Take Action with Students

       Using the Design Investigations section of Facilitate Inquiry as a guide, encourage students to design an anti-counterfeiting device for a type of product that was mentioned in the video or one they are familiar with, such as accessories, clothing, or electronics. As a class, set up constraints within which students will design their anti-counterfeiting devices, such as providing a limited selection of materials with which to work, constructing a device that adheres to the object but does not interfere with the object’s purpose/appearance, and designing a device not visible or obvious to the consumer.

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       Lead a discussion that explains that a system is a group of interrelated parts that are put together to perform a function. Cars are systems whose function is to transport people and other objects from one place to another. The function of an educational system is to increase knowledge for people within a community. Some of its parts are students, teachers, knowledge, computers, buildings, pencils, and books. Relate this to the anti-counterfeiting industry, which can be thought of as a system whose function is to decrease the number of counterfeit products that are on the market. In groups, have students brainstorm to form a list of the parts of an anti-counterfeiting system. Some examples might include the products that might be counterfeited, the researchers developing the anti-counterfeiting technology, the technology itself, law enforcement officials who catch counterfeiters at work, and so on.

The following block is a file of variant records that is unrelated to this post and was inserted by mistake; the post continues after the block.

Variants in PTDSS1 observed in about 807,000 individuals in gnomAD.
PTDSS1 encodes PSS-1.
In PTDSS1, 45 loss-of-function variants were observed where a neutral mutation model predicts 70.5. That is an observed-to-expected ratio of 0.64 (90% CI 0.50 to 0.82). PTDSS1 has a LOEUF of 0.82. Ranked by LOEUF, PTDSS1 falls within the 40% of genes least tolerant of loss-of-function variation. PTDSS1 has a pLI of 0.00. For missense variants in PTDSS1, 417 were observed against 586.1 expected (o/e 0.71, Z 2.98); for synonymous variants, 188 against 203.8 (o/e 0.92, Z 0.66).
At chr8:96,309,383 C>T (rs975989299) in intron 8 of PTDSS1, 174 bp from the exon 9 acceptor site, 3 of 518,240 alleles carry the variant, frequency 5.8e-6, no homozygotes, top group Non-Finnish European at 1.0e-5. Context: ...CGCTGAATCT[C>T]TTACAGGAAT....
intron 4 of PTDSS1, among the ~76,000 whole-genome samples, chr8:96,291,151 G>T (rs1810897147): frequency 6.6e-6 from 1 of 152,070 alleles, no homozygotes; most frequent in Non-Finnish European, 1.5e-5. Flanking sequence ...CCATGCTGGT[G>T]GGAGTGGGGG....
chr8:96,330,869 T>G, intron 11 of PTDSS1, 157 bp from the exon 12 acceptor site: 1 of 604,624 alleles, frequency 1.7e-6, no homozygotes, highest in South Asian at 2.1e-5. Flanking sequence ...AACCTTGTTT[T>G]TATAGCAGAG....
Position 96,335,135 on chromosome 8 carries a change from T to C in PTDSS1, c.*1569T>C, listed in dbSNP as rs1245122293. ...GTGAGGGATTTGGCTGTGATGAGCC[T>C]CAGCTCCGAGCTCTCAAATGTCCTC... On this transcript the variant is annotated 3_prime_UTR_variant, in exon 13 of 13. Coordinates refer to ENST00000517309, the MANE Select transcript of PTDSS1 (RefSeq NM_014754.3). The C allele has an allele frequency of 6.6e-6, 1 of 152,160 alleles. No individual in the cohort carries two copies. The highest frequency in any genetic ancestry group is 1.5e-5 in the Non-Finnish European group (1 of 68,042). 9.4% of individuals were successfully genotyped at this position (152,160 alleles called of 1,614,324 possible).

As an introduction to the video, have students list some of the anti-counterfeiting devices with which they might already be familiar, such as watermarks on checks and paper money or labeling on brand-name products.

 

Facilitate Inquiry

Encourage inquiry using a strategy modeled on the research-based science writing heuristic. Student work will vary in complexity and depth depending on grade level, prior knowledge, and creativity. Use the prompts liberally to encourage thought and discussion. Student Copy Masters begin on page 9.

 

Explore Understanding

Some students might own or have with them some of the products that are most frequently counterfeited: handbags, cell phones, name-brand clothing, and tennis shoes, among others. In small groups, have students display some of the items and consider the origin and authenticity of each. Encourage students to discuss the clues that might identify a product as an authentic name brand or a knockoff, and what strategies they might employ to ensure their products are authentic. Spark discussion with prompts such as the following.